Nanometer-sized gold particles consisting of only a few atoms can be used as catalysts for important chemical reactions. Noelia Barrabés from the Institute of Materials Chemistry at TU Wien has been researching new methods of adapting and precisely controlling such tiny gold clusters for years. Now she has been awarded an Elise-Richter scholarship.
With this scholarship, she will now use gold clusters to solve a particularly difficult chemical problem: Some molecules exist in two different configurations, one being the mirror image of the other, with right and left side reversed. Normally, it is extremely difficult to produce only one of these two variants. Specially treated gold clusters are now supposed to help.
Perfect control over gold particles
It is well known that gold can be used as a catalyst to initiate important chemical reactions. Gold can be used particularly efficiently as a catalyst if it is fixed in the form of tiny particles on a surface, as recently demonstrated in the journal ACS Catalysis. The size of the gold clusters plays an important role here. "Normally you have to deal with gold clusters of different sizes, which have different properties," explains Noelia Barrabés. "In our case it's different: we have developed methods to perfectly control the size of the gold clusters. All clusters consist of exactly the same number of atoms."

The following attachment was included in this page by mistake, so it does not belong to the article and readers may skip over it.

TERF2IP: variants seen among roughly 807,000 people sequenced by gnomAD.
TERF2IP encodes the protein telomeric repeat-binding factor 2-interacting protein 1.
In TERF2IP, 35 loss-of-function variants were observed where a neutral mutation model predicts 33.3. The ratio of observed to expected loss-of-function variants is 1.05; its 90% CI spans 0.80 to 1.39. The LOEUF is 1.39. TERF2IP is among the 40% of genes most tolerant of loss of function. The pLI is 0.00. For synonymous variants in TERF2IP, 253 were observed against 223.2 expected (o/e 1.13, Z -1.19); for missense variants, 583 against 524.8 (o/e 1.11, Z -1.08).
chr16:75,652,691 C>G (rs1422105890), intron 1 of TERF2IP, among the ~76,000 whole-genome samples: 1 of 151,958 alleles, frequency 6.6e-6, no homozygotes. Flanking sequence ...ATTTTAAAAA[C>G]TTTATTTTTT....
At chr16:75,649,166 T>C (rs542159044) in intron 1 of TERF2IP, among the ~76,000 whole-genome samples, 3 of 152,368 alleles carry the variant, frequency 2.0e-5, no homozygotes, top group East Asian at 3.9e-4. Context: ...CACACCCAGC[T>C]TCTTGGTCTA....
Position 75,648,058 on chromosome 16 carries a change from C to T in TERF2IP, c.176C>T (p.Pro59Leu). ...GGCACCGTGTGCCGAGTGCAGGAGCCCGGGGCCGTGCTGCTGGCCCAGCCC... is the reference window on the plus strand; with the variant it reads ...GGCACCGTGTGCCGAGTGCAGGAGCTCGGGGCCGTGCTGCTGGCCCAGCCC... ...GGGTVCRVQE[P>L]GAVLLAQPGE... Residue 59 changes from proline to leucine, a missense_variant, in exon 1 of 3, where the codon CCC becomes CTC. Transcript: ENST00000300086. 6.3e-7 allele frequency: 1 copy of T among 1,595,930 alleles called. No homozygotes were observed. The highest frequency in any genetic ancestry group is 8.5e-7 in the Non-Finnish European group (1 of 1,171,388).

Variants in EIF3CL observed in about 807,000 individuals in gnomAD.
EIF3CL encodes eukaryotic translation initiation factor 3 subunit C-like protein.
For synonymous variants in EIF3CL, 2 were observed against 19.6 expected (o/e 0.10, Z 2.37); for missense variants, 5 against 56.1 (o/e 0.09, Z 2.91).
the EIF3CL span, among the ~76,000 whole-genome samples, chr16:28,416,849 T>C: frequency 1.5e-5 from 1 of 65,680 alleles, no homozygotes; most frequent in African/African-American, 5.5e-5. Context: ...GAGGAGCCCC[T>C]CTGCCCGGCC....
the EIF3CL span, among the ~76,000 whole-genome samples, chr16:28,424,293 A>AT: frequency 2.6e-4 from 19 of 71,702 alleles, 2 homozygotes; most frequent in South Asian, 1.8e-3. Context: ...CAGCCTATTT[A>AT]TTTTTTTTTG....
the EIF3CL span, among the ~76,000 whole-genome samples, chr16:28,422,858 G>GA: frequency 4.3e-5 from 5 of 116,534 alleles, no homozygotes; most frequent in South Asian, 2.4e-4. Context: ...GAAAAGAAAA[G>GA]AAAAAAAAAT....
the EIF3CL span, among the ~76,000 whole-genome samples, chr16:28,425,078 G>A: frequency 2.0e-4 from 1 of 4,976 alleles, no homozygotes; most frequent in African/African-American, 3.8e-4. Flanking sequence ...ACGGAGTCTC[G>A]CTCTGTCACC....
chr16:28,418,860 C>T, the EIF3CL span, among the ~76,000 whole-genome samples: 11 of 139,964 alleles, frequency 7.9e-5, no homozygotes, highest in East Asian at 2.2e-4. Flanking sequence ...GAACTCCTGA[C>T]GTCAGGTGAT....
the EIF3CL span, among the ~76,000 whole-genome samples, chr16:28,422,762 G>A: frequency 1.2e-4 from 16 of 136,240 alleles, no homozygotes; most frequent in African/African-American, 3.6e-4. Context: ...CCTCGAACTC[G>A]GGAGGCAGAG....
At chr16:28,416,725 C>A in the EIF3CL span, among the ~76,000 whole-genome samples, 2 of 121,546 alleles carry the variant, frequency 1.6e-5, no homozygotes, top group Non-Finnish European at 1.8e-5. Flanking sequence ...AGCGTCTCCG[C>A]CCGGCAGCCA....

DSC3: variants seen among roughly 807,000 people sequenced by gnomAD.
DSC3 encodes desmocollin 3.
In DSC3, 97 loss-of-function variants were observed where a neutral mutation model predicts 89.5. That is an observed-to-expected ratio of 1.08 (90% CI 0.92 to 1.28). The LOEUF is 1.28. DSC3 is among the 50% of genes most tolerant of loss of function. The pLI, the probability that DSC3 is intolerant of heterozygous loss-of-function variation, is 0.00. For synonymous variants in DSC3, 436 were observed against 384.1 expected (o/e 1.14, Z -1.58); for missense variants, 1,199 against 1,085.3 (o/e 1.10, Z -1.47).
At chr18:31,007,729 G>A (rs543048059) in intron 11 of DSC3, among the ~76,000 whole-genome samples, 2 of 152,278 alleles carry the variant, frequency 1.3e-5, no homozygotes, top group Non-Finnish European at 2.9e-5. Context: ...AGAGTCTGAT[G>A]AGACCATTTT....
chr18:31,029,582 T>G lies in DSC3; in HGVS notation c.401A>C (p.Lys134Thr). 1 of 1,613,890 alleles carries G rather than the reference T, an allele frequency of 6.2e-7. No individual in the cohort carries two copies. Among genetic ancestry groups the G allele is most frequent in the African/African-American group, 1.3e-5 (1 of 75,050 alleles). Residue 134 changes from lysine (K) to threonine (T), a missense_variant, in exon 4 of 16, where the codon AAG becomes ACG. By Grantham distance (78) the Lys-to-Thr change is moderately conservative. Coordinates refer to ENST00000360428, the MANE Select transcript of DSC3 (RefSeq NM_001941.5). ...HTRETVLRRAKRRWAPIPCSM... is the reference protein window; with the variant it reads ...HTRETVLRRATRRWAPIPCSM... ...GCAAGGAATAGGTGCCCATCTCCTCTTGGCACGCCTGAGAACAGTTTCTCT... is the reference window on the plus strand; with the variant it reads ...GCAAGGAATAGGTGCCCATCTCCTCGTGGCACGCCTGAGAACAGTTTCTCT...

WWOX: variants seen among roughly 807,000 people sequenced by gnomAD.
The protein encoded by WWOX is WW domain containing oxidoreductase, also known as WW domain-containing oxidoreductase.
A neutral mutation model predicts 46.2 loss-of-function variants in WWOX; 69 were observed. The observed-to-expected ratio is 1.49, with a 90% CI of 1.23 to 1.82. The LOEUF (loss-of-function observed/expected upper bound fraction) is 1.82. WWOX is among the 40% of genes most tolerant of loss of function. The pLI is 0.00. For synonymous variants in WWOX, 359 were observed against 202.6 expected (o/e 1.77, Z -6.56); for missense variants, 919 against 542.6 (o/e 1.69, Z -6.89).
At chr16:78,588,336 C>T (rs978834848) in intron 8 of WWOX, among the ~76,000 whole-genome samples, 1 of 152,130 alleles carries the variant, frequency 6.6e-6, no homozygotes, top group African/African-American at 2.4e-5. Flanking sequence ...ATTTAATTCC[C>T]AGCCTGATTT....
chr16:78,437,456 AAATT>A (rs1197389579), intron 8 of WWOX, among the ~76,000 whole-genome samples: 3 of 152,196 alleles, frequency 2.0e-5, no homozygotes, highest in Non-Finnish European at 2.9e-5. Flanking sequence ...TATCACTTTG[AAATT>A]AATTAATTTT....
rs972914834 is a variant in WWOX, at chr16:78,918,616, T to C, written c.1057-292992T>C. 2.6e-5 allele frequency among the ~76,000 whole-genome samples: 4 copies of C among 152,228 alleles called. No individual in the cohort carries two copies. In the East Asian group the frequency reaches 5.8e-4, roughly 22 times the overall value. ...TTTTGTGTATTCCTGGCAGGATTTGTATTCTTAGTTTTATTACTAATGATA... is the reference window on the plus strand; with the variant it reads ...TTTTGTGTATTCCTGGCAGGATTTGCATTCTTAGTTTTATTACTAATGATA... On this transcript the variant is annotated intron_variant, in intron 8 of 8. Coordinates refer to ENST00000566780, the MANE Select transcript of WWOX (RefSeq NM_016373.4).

Different molecules can attach to these gold clusters. They are called ligands. "These ligands have a very decisive influence on the chemical behaviour of the gold clusters," says Noelia Barrabés. "We therefore had to develop methods to control the ligands precisely." For example, the gold clusters can first be produced in a liquid environment, then fixed on a solid surface, and finally their ligands can be exchanged. This technique was recently published in the journal Nanoscale and was also featured on the back cover of the magazine.
The molecule and its mirror image
As Noelia Barrabés recently demonstrated, this opens up a particularly interesting possibility: one can use so-called "chiral ligands", which also exist in image and mirror image variants.
"If you synthesize a molecule of which there is also a mirror-image version, you usually create both variants at the same time," explains Prof. Günther Rupprechter, head of the Institute of Materials Chemistry. "After all, both molecules consist of exactly the same atoms and have the same basic structure.”
As part of her Elise-Richter grant, Noelia Barrabés now wants to show that it is possible to selectively produce only one of the two variants using special ligands on the gold clusters. The special focus is on doing this with gold clusters fixed to a surface - a procedure that up until now has hardly been studied or used, but which would have great advantages over conventional methods if successfully implemented.
Especially for medical applications, the difference between a molecule and its mirror image can play an important role: "We know that our body reacts very differently to certain molecules than to the mirrored versions. In extreme cases, one version can heal and the other can cause illness," explains Noelia Barrabés.